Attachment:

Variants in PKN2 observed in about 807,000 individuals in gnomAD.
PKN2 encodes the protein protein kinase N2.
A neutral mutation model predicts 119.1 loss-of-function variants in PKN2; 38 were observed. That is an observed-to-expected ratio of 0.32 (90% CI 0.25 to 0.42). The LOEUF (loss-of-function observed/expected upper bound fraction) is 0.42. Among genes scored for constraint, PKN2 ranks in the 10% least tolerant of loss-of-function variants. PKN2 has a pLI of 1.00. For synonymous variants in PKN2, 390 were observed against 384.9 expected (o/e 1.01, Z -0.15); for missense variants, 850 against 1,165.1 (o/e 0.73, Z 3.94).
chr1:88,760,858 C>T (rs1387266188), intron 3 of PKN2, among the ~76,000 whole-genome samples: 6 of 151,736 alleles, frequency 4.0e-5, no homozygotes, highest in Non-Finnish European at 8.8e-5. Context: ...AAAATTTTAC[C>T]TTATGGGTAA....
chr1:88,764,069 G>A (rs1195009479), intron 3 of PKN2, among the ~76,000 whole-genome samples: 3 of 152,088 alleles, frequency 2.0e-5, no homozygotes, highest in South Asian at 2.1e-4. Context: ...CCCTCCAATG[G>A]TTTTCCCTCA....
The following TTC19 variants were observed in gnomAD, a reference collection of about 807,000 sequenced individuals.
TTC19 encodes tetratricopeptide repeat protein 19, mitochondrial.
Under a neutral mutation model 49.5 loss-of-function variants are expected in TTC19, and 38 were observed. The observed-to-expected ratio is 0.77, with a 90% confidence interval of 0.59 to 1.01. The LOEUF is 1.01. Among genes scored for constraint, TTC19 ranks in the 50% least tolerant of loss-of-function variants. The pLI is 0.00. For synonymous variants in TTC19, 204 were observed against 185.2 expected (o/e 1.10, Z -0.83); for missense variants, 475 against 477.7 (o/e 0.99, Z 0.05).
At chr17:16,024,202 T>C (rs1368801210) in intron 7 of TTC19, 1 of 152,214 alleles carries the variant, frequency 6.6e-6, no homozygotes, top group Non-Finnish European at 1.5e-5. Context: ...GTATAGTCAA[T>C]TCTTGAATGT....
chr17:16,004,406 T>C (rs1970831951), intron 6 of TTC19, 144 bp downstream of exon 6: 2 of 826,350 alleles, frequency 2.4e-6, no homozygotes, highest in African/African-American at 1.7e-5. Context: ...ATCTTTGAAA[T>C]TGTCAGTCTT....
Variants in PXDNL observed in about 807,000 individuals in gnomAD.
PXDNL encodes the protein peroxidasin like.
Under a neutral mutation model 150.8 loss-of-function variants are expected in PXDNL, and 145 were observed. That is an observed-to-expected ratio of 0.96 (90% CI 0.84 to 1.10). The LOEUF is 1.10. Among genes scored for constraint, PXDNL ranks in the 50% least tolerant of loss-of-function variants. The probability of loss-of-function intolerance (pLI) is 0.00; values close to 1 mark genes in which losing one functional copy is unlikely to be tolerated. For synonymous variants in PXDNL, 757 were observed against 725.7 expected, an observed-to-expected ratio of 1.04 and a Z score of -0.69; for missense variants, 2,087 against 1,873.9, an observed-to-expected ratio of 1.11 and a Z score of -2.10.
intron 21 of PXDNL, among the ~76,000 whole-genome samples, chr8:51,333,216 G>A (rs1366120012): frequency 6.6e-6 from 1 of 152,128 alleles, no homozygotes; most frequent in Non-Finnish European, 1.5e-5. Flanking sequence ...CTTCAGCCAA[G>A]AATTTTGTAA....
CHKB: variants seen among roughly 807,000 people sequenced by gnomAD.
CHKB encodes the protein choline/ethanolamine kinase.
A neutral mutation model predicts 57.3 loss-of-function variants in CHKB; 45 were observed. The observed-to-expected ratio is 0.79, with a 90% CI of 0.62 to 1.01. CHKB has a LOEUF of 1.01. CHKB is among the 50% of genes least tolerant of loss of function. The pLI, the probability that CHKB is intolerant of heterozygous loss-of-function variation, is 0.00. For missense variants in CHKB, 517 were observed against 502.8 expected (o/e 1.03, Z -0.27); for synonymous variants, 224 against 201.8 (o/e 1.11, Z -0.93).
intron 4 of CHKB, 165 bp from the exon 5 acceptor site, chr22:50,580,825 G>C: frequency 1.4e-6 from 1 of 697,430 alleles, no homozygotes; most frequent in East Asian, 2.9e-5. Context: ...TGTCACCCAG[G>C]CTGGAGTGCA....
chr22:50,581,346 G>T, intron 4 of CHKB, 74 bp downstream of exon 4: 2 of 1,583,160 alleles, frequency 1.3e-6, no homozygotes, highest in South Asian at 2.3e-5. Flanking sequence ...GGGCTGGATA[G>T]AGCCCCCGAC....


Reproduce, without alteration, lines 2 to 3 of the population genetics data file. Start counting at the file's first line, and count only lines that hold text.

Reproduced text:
PKN2 encodes the protein protein kinase N2.
A neutral mutation model predicts 119.1 loss-of-function variants in PKN2; 38 were observed. That is an observed-to-expected ratio of 0.32 (90% CI 0.25 to 0.42). The LOEUF (loss-of-function observed/expected upper bound fraction) is 0.42. Among genes scored for constraint, PKN2 ranks in the 10% least tolerant of loss-of-function variants. PKN2 has a pLI of 1.00. For synonymous variants in PKN2, 390 were observed against 384.9 expected (o/e 1.01, Z -0.15); for missense variants, 850 against 1,165.1 (o/e 0.73, Z 3.94).